MICHAEL:

It's interesting. When you think about what's going on there and what it is, is some person or a small group of people is thinking very hard about how to represent their understanding of the city and then the building, tools, sort of a technological tool of thought that actually then saves millions or in the case of a New York subway or the London underground, hundreds of millions or billions of people, mostly just seconds, sometimes, probably minutes. Like those maps would be substantially more complicated sort of every single day. So it's only a small difference. I mean, and it's just one invention, right? But, you know, our culture is of course accumulated thousands or millions of these inventions.

DAVID:

One of my other favorite ones from being a kid was I would always go on airplanes and I'd look at the route map and it would always show that the airplanes would fly over the North Pole, but on two-dimensional space that was never clear to me. And I remember being with my dad one night, we bought a globe and we took a rubber band and we stretched why it was actually shorter to fly over the North Pole, say if you're going from New York to India. And that was one of the first times in my life that I actually didn't realize it at the time, but understood exactly what I think you're trying to get at there. How about photography? Because that's another one that I think is really striking, vivid from the horse to slow motion to time lapses.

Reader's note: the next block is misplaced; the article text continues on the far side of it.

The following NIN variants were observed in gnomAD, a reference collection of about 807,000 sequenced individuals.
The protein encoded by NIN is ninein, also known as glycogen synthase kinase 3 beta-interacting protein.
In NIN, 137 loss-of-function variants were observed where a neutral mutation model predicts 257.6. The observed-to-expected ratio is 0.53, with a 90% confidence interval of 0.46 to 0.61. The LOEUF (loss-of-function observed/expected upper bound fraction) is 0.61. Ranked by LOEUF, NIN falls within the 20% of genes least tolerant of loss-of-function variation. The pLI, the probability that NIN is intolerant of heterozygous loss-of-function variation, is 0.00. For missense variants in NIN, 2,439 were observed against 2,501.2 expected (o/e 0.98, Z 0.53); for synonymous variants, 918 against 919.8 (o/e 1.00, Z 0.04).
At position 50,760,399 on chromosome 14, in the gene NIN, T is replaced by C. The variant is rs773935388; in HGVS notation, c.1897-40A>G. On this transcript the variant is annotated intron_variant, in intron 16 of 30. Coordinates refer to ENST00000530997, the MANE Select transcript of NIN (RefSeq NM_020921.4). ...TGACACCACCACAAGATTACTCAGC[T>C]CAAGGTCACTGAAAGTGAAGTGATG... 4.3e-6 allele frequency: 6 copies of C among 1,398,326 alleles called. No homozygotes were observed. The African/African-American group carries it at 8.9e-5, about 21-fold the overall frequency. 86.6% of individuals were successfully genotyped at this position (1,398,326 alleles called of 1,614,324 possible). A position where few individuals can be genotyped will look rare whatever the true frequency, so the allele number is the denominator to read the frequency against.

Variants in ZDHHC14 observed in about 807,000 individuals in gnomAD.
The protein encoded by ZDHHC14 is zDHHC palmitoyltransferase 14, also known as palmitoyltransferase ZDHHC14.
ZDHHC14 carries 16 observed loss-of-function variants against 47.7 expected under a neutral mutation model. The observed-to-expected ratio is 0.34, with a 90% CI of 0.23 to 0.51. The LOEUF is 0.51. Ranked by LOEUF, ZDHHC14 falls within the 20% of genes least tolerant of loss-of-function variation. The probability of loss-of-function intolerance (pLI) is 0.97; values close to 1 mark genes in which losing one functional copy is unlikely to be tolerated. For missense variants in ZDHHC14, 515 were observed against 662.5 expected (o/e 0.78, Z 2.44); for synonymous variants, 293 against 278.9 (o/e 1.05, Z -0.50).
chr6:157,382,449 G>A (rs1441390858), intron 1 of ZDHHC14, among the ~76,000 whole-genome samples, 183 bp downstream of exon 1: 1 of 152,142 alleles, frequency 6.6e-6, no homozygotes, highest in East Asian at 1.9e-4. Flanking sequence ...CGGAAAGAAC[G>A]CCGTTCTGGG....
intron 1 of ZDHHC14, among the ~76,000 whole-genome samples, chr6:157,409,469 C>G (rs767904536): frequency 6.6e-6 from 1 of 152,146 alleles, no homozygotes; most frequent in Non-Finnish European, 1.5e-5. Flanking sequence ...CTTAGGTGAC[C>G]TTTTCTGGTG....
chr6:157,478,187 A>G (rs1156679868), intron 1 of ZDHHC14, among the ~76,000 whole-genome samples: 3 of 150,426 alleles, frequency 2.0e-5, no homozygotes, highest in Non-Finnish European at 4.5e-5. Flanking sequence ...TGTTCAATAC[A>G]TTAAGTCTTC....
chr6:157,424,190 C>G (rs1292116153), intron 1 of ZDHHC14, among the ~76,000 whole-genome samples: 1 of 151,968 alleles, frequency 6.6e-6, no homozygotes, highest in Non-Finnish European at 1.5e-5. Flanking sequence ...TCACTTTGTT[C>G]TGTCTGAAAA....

MICHAEL:

Photography I think is interesting in this vein in two separate ways. One is actually what it did to painting, which is of course painters have been getting more and more interested in being more and more realistic. And honestly, by the beginning of the 19th century, I think painting was pretty boring. Yeah, if you go back to say the 16th and 17th centuries, you have people who are already just astoundingly good at depicting things in a realistic fashion. To my mind, Rembrandt is probably still the best portrait painter in some sense to ever live.

DAVID:

And is that because he was the best at painting something that looked real?

MICHAEL:

I think he did something better than that. He did this very clever thing, you know, you will see a photograph or a picture of somebody and you'll say, oh, that really looks like them. And I think actually most of the time we, our minds almost construct this kind of composite image that we think of as what David looks like or what our mother looks like or whatever. But actually moment to moment, they mostly don't look like that. They mostly, you know, their faces a little bit more drawn or it's, you know, the skin color is a little bit different. And my guess, my theory of Rembrandt, is that he may have actually been very, very good at figuring out almost what that image was and actually capturing that. So, yeah, I mean this is purely hypothetical. I have no real reason to believe it, but I think it's why I responded so strongly to his paintings.

DAVID:

And then what happened? So after Rembrandt, what changed?